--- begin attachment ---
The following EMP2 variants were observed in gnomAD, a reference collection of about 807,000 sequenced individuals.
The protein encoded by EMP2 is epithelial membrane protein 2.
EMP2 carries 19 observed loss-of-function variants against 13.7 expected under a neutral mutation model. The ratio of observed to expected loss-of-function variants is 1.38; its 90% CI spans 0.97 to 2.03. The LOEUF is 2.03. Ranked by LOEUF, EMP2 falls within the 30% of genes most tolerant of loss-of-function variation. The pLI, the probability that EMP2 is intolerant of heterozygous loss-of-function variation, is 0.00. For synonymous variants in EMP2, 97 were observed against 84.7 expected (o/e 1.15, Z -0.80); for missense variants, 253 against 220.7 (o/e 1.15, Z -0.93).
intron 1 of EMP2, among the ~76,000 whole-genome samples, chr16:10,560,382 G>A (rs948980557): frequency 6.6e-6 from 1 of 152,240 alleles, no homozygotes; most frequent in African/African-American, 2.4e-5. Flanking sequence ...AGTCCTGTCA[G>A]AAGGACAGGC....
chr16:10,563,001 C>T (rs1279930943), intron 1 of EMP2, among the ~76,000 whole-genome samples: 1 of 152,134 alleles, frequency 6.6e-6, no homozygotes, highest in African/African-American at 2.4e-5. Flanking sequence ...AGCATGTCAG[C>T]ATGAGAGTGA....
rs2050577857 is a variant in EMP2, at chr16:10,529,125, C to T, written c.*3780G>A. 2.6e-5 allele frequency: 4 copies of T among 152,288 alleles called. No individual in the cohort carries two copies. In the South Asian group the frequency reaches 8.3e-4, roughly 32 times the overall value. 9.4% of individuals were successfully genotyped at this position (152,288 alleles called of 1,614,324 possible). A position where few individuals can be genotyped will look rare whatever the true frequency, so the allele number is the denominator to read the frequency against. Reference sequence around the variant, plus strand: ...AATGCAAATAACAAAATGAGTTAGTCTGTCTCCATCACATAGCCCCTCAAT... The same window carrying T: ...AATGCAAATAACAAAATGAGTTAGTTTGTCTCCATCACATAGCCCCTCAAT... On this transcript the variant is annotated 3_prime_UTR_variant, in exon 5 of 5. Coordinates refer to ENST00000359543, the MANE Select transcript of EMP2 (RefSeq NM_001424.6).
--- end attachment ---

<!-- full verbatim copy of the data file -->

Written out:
The following EMP2 variants were observed in gnomAD, a reference collection of about 807,000 sequenced individuals.
The protein encoded by EMP2 is epithelial membrane protein 2.
EMP2 carries 19 observed loss-of-function variants against 13.7 expected under a neutral mutation model. The ratio of observed to expected loss-of-function variants is 1.38; its 90% CI spans 0.97 to 2.03. The LOEUF is 2.03. Ranked by LOEUF, EMP2 falls within the 30% of genes most tolerant of loss-of-function variation. The pLI, the probability that EMP2 is intolerant of heterozygous loss-of-function variation, is 0.00. For synonymous variants in EMP2, 97 were observed against 84.7 expected (o/e 1.15, Z -0.80); for missense variants, 253 against 220.7 (o/e 1.15, Z -0.93).
intron 1 of EMP2, among the ~76,000 whole-genome samples, chr16:10,560,382 G>A (rs948980557): frequency 6.6e-6 from 1 of 152,240 alleles, no homozygotes; most frequent in African/African-American, 2.4e-5. Flanking sequence ...AGTCCTGTCA[G>A]AAGGACAGGC....
chr16:10,563,001 C>T (rs1279930943), intron 1 of EMP2, among the ~76,000 whole-genome samples: 1 of 152,134 alleles, frequency 6.6e-6, no homozygotes, highest in African/African-American at 2.4e-5. Flanking sequence ...AGCATGTCAG[C>T]ATGAGAGTGA....
rs2050577857 is a variant in EMP2, at chr16:10,529,125, C to T, written c.*3780G>A. 2.6e-5 allele frequency: 4 copies of T among 152,288 alleles called. No individual in the cohort carries two copies. In the South Asian group the frequency reaches 8.3e-4, roughly 32 times the overall value. 9.4% of individuals were successfully genotyped at this position (152,288 alleles called of 1,614,324 possible). A position where few individuals can be genotyped will look rare whatever the true frequency, so the allele number is the denominator to read the frequency against. Reference sequence around the variant, plus strand: ...AATGCAAATAACAAAATGAGTTAGTCTGTCTCCATCACATAGCCCCTCAAT... The same window carrying T: ...AATGCAAATAACAAAATGAGTTAGTTTGTCTCCATCACATAGCCCCTCAAT... On this transcript the variant is annotated 3_prime_UTR_variant, in exon 5 of 5. Coordinates refer to ENST00000359543, the MANE Select transcript of EMP2 (RefSeq NM_001424.6).